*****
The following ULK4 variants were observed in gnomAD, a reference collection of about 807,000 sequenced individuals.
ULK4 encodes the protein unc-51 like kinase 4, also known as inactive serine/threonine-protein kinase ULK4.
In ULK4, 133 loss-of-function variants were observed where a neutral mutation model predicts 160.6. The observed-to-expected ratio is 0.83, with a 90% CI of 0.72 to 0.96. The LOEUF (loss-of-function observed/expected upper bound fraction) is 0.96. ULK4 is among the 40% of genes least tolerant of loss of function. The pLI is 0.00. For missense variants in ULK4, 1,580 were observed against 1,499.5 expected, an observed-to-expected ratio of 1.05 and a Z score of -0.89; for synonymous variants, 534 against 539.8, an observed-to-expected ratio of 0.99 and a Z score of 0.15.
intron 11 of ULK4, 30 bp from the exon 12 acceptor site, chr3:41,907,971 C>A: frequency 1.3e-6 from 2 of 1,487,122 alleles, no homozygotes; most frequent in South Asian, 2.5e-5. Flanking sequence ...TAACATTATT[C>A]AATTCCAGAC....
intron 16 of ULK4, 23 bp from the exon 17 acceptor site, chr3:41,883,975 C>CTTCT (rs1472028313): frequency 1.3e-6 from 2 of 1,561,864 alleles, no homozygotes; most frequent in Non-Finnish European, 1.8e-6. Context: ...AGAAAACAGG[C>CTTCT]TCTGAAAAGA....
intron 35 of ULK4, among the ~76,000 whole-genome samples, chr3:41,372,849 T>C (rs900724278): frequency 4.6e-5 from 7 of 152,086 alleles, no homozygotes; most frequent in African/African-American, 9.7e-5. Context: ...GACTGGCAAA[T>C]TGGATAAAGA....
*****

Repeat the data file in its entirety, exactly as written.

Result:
The following ULK4 variants were observed in gnomAD, a reference collection of about 807,000 sequenced individuals.
ULK4 encodes the protein unc-51 like kinase 4, also known as inactive serine/threonine-protein kinase ULK4.
In ULK4, 133 loss-of-function variants were observed where a neutral mutation model predicts 160.6. The observed-to-expected ratio is 0.83, with a 90% CI of 0.72 to 0.96. The LOEUF (loss-of-function observed/expected upper bound fraction) is 0.96. ULK4 is among the 40% of genes least tolerant of loss of function. The pLI is 0.00. For missense variants in ULK4, 1,580 were observed against 1,499.5 expected, an observed-to-expected ratio of 1.05 and a Z score of -0.89; for synonymous variants, 534 against 539.8, an observed-to-expected ratio of 0.99 and a Z score of 0.15.
intron 11 of ULK4, 30 bp from the exon 12 acceptor site, chr3:41,907,971 C>A: frequency 1.3e-6 from 2 of 1,487,122 alleles, no homozygotes; most frequent in South Asian, 2.5e-5. Flanking sequence ...TAACATTATT[C>A]AATTCCAGAC....
intron 16 of ULK4, 23 bp from the exon 17 acceptor site, chr3:41,883,975 C>CTTCT (rs1472028313): frequency 1.3e-6 from 2 of 1,561,864 alleles, no homozygotes; most frequent in Non-Finnish European, 1.8e-6. Context: ...AGAAAACAGG[C>CTTCT]TCTGAAAAGA....
intron 35 of ULK4, among the ~76,000 whole-genome samples, chr3:41,372,849 T>C (rs900724278): frequency 4.6e-5 from 7 of 152,086 alleles, no homozygotes; most frequent in African/African-American, 9.7e-5. Context: ...GACTGGCAAA[T>C]TGGATAAAGA....